You know those occasional mornings when you want to pull the covers over your head and avoid the world? If those off-kilter moods seem to happen more in the winter months, it might be time to consider whether Seasonal Affective Disorder, or SAD, is responsible for your blues, says Frederick Brown, associate professor of psychology and director of the Human Performance Rhythms Laboratory.
"A diagnostic feature of SAD is that it is a depression that reoccurs at the same time every year beginning in the fall and early winter," explains Brown " with remission in the late winter and early spring. SAD sufferers have a hard time getting out of bed, they have carbohydrate cravings, and they tend to put on weight in the fall and early winter, when they feel down and may even feel sick."
Brown is a specialist in chronobiology, a field that studies the effect of daily, monthly and seasonal cycles on our behavior and performance. "Many of us experience changes in the fall and early winter months that are not necessarily SAD," he notes. "Like any animal, we respond to shorter day lengths by preparing for winter. We have a tendency to put on weight, especially after Thanksgiving, and we may experience a reluctance to get up in the morning." For people with SAD, however, these seasonal changes can become serious and disrupt their work and affect their mood, clarifies Brown.
Best estimates are that upwards of 10 percent of Americans may be affected by SAD, he adds. It often begins in the 30-something years, and women are overwhelmingly more likely to have it than men. SAD may be more common in certain geographic areas. "In general," says Brown, "the most northern and southern areas of the world during fall and winter are the most affected by depression." Since SAD seems to be caused by lack of light, it's less common in areas of the world where sandy deserts and snow create light-reflecting glare.
"The eyes are not just for seeing," Brown explains. "We physiologically respond to the daily light they collect for adjusting our waking and sleeping times." Light inhibits production of the sleep-promoting hormone melatonin, and darkness causes melatonin to be released from the pineal gland in the brain. As the night comes sooner in the fall and winter, this happens earlier.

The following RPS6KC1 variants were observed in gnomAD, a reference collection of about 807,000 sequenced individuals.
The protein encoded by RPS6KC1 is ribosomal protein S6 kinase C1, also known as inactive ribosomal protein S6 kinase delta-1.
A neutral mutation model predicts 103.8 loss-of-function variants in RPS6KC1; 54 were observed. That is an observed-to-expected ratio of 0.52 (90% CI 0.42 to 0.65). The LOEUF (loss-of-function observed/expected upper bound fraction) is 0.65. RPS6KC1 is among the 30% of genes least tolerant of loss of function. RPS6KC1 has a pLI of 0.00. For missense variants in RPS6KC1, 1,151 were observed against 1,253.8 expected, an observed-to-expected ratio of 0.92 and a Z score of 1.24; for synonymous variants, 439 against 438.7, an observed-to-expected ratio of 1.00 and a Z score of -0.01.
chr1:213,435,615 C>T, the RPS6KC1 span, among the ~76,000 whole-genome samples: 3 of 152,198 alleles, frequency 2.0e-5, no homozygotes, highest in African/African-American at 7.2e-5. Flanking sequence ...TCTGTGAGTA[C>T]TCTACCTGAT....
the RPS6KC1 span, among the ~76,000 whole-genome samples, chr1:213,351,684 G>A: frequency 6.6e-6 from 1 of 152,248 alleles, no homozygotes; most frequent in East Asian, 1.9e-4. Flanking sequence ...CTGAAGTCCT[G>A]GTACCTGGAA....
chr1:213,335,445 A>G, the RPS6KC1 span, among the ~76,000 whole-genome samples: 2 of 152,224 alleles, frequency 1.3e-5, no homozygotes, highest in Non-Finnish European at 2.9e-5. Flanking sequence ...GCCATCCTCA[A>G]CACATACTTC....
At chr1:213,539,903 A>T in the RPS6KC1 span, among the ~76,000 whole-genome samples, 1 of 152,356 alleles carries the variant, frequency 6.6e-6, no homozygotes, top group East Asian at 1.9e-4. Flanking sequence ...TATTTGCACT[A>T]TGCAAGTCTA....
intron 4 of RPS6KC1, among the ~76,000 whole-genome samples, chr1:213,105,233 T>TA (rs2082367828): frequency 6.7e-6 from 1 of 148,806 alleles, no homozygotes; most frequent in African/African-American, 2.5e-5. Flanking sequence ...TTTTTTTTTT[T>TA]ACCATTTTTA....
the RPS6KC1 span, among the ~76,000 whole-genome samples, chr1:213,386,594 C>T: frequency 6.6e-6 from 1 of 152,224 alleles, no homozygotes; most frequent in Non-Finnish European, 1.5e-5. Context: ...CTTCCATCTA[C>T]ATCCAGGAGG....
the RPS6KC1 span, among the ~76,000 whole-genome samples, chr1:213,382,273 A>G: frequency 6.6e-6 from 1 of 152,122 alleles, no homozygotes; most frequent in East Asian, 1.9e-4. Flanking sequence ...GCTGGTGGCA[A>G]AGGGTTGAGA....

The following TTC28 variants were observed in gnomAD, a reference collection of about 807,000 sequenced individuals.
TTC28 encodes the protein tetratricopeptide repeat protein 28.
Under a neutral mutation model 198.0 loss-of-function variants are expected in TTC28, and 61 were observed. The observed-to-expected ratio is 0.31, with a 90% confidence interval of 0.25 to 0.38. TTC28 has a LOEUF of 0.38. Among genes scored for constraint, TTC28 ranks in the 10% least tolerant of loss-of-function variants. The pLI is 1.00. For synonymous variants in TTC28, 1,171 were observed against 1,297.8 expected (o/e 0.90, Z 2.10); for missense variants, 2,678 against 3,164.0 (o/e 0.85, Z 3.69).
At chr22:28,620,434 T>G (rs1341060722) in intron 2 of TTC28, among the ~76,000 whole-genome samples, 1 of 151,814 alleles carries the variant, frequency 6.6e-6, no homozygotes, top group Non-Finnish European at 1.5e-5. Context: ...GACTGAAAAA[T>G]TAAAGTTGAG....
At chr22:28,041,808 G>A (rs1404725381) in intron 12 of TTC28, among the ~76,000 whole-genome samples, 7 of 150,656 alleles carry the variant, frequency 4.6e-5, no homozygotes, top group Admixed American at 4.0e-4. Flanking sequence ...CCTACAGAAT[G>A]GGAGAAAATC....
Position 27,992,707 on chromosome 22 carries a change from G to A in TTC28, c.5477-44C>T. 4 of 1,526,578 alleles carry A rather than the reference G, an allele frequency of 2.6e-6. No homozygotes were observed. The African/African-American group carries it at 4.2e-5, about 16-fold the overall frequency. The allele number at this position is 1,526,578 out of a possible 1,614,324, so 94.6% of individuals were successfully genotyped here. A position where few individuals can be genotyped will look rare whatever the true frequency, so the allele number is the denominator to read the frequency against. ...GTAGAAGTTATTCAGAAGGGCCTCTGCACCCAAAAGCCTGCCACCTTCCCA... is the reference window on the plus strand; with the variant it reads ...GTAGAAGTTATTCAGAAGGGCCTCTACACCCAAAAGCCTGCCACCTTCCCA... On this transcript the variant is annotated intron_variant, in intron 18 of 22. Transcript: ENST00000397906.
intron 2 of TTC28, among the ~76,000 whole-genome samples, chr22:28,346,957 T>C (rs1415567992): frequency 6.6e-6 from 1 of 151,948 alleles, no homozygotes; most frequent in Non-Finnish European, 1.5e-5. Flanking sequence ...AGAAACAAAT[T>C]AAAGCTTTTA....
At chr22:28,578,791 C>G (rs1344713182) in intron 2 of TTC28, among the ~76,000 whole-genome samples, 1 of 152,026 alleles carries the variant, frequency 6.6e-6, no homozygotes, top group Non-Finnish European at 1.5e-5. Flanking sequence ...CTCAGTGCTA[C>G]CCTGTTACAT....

"Some people are more sensitive to these changes," says Brown. "It's assumed to have a genetic component." People with SAD may have a harder time getting a good, deep sleep. This might lead to difficulty waking up, daytime sleepiness, changes in mood, and depression.
"An additional 10 percent of people may suffer sub-clinically, with milder "winter blues" symptoms," according to Brown, who suggests three sensible, easy steps to making winter tolerable.
"Turn on a lot of lights in the morning," says Brown. "Aim for the amount of light at 8:00 a.m. on a sunny June day." He's found many homes are not well lighted, with less than 1/20th the amount of light that is available outdoors. He also advises, "Skip the sugary donuts and danish and eat a high protein breakfast, which puts us in gear for the day." Another recommendation: "Go outside for 20 or 30 minutes in the middle of the day. Get exposure to natural light." Brown says full-spectrum light therapy boxes are recommended by medical specialists along with prescribed medication in severe cases of SAD, but just greatly increasing daily light exposure in general may be as just as effective. Finally, Brown has good news for SAD sufferers. "Daylight is becoming longer now, so your symptoms should get better."
Frederick M. Brown, Ph.D., is associate professor of psychology in the College of the Liberal Arts and director of the Human Performance Rhythms Laboratory at Penn State. He can be reached at firstname.lastname@example.org.